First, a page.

In 2005, just a year before he met the students, he told them someone had sent him a Korean stock market guide. I’ve seen it. It was put out by Citibank. He spent about five or six hours on a Saturday going through this list of Korean companies with some of the basic information. He picked out about 20 companies from that list and he put about $100 million of his personal portfolio into those 20 companies. For example, there was Daehan Flour, which sold about 1/4 of the flour in South Korea. It had earnings of 13,000 won three years ago, 18,000 won two years ago, and 23,000 won a year ago. It had over 100,000 won per share in equities, and the whole thing was going for 38,000 won. He did well with his Korean escapades without knowing a whole lot about the businesses. He just went through them purely on a quantitative basis.
In 2011, my friend Guy Spier and I found ourselves in Warren Buffett’s office. The Japan Company Handbook was on Warren’s desk. I was familiar with that handbook because I had a subscription to it. I was surprised to see that on Warren’s desk. I asked him about it because in 2011, Berkshire Hathaway can’t buy Mickey Mouse companies. I went through the Japan Company Handbook looking at Japanese net-nets, companies creating well below their liquidation values. I asked Warren why he was fooling around with the Japan Company Handbook. He puts on a poker face and didn’t say anything. Then I picked up the book and Guy and I dog-eared some of the pages of companies we had found that were interesting. Without asking him, we mutilated his copy. Most of these companies were toward the back of the book. He said, “Yeah, it’s always the case. It’s the back end where all the good stuff shows up.” And then of course, he didn’t tell us anything more about what he did with that book. But that was, during daytime hours at Berkshire Hathaway, what he was doing.
All of these exercises are the same: The teenager at Ak-Sar-Ben, the young adult going through the Moody’s manual, the much older adult going through the Korean stock book, and then the Japan Company Handbook. They are all exercises in which you spend a little time on either a given ticket or a given company, and you’re going rapidly through. If you’re cycling through 40,000 pages with 50,000 or 80,000 companies in a year, you’re clearly not spending much time on any single company. He was looking for specific patterns. When he saw those patterns, he acted. To see a pattern, it had to hit him over the head with a two-by-four. Either it had to be a winning ticket at Ak-Sar-Ben, or it had to be a stock where it would just stop you in your tracks: $100,000 in book value, trading for $40,000, making $25,000 a year, that kind of thing.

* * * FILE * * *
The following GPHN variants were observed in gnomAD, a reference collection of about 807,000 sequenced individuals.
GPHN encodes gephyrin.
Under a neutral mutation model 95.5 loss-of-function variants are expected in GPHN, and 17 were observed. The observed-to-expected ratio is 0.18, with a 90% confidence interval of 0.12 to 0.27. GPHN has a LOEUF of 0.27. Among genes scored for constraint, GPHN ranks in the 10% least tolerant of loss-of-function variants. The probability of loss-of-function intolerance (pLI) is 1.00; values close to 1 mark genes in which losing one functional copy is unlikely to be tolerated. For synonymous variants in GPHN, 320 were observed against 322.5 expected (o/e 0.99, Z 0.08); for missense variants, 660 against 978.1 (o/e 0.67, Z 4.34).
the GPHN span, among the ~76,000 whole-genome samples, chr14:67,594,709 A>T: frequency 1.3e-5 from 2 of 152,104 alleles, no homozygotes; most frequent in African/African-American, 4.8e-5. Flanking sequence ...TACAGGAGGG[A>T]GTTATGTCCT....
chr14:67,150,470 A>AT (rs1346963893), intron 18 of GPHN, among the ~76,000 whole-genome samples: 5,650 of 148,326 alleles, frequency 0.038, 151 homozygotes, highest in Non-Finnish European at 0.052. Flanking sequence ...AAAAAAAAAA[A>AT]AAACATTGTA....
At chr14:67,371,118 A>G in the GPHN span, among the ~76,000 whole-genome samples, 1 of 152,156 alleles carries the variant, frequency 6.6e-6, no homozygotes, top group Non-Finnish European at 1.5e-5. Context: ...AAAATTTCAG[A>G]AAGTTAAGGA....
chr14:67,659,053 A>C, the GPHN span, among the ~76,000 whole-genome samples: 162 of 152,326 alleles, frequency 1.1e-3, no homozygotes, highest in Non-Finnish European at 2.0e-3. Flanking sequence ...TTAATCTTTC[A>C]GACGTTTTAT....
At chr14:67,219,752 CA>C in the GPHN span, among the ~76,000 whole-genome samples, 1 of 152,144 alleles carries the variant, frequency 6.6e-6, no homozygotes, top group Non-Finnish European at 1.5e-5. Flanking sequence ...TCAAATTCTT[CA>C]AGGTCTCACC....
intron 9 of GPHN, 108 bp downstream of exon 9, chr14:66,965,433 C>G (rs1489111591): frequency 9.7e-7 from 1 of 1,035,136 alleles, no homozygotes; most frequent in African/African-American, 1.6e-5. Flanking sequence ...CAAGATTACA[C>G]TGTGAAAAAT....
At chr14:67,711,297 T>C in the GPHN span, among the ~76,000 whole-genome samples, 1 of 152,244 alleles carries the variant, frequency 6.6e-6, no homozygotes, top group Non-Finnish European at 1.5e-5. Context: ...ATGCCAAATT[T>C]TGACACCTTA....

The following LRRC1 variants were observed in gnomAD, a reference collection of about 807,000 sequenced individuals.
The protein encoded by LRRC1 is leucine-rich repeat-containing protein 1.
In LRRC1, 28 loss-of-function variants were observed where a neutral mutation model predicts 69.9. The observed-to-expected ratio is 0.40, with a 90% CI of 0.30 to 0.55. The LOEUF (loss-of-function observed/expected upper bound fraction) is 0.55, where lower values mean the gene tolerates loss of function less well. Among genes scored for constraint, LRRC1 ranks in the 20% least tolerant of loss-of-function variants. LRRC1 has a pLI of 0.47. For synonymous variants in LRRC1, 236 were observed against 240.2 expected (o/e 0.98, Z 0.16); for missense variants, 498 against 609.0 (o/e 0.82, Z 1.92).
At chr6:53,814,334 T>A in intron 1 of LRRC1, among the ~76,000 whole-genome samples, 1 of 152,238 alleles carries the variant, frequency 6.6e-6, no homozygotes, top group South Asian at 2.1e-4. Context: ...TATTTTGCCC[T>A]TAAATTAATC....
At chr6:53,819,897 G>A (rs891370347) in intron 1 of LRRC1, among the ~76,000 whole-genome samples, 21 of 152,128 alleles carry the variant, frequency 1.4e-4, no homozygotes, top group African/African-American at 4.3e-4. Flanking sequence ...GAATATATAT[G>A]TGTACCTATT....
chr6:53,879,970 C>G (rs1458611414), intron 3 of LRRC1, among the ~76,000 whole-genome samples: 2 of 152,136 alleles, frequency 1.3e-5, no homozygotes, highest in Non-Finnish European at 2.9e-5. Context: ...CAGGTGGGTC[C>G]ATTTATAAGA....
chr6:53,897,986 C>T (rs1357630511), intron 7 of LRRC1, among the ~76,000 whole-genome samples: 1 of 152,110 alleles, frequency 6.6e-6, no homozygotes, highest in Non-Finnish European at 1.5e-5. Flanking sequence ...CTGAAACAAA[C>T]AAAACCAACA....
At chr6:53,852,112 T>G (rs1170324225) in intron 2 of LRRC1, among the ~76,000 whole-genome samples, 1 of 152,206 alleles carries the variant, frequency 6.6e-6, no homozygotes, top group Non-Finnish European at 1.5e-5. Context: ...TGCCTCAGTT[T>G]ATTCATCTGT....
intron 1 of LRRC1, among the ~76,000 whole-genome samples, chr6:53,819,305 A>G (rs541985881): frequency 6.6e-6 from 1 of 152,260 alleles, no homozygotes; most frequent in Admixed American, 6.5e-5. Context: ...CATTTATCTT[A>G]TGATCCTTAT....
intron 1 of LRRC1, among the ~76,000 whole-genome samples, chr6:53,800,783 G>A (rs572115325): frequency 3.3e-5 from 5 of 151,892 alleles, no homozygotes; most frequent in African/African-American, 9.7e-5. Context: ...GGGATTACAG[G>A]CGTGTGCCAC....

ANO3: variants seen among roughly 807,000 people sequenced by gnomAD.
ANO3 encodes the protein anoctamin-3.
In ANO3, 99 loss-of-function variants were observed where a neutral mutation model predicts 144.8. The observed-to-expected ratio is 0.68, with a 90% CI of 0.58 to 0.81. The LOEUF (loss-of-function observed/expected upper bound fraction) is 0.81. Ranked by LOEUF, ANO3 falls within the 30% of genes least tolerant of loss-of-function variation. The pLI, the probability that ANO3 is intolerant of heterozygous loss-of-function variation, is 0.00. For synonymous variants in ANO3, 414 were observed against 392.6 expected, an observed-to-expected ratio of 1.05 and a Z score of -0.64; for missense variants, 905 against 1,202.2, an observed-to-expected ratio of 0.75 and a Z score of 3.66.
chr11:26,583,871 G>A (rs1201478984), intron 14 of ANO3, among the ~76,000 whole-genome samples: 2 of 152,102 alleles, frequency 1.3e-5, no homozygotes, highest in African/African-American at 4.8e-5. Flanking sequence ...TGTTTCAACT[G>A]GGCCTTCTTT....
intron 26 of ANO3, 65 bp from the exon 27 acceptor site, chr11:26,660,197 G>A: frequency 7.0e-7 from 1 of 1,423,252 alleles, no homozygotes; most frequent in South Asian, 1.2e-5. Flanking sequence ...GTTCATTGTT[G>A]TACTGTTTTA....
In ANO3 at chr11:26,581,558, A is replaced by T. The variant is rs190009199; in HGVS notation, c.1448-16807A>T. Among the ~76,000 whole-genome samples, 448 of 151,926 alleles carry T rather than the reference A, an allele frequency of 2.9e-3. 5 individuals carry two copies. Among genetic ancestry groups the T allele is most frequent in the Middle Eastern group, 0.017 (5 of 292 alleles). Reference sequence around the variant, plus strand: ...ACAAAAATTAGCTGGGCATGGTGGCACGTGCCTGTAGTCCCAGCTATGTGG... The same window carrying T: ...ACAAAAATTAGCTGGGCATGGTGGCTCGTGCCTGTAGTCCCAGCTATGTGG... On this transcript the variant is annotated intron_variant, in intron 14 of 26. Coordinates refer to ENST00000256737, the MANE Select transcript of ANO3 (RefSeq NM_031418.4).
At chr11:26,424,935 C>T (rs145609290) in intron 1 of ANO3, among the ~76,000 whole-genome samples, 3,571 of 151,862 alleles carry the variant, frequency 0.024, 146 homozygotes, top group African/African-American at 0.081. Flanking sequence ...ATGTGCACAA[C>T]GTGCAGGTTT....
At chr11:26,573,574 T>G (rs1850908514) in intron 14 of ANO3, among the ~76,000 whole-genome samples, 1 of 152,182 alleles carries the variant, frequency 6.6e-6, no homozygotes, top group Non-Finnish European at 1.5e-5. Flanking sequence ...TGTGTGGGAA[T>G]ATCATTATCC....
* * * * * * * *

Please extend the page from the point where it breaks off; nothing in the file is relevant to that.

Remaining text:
That brings me to the second hack, which is, to paraphrase Nancy Reagan, just say no quickly. We have this built-in bias where once we spend time, we get pregnant with the idea. Don’t spend a lot of time. You are rushing through a lot of stuff and only spending time on stuff that is looking like an absolute no-brainer. One of the things about the investing business which is better than baseball is there are no false strikes. We can let hundreds and thousands of ideas go by and it doesn’t matter. It doesn’t matter if you miss something that goes up 10x or 100x or 1,000x. What matters is what we invest in. It’s a forgiving business from the perspective we don’t need to know everything about everything. We don’t need to act on everything. We can miss lots of stuff, and it can still work out well.
The advantage of just say no fast is that it frees up a lot of time. Often when I look at a business I’m done in seconds. Maybe it takes 10, 15, 20 seconds. For example, on a typical day in the office, people send me investment ideas, which is great. I love to receive investment ideas. It’s [email protected]. Feel free. When I get in and look at these ideas, I just look for two numbers, the stock price of the idea being pitched and what the person says it’s worth. Unfortunately, most of the things I receive will be like the stock is at $12 and here’s all the reasons it’s worth $16. When I see something like that, I’m done in about 10 seconds. I don’t even bother to figure out whether it could be worth more and the person missed it. I assume there’s some intelligent person who thought about it and I’ll give him full benefit of the doubt that they got it right. It’s the same thing with most companies. When I look at them, if it doesn’t hit me with some intensity in the first few seconds or first few minutes, I move on. In 2012, I spent a lot of time – probably two months – doing nothing but studying Fiat Chrysler and General Motors. It frees up a lot of time to study the businesses, but you’ve scanned a lot of stuff on the horizon before letting things in.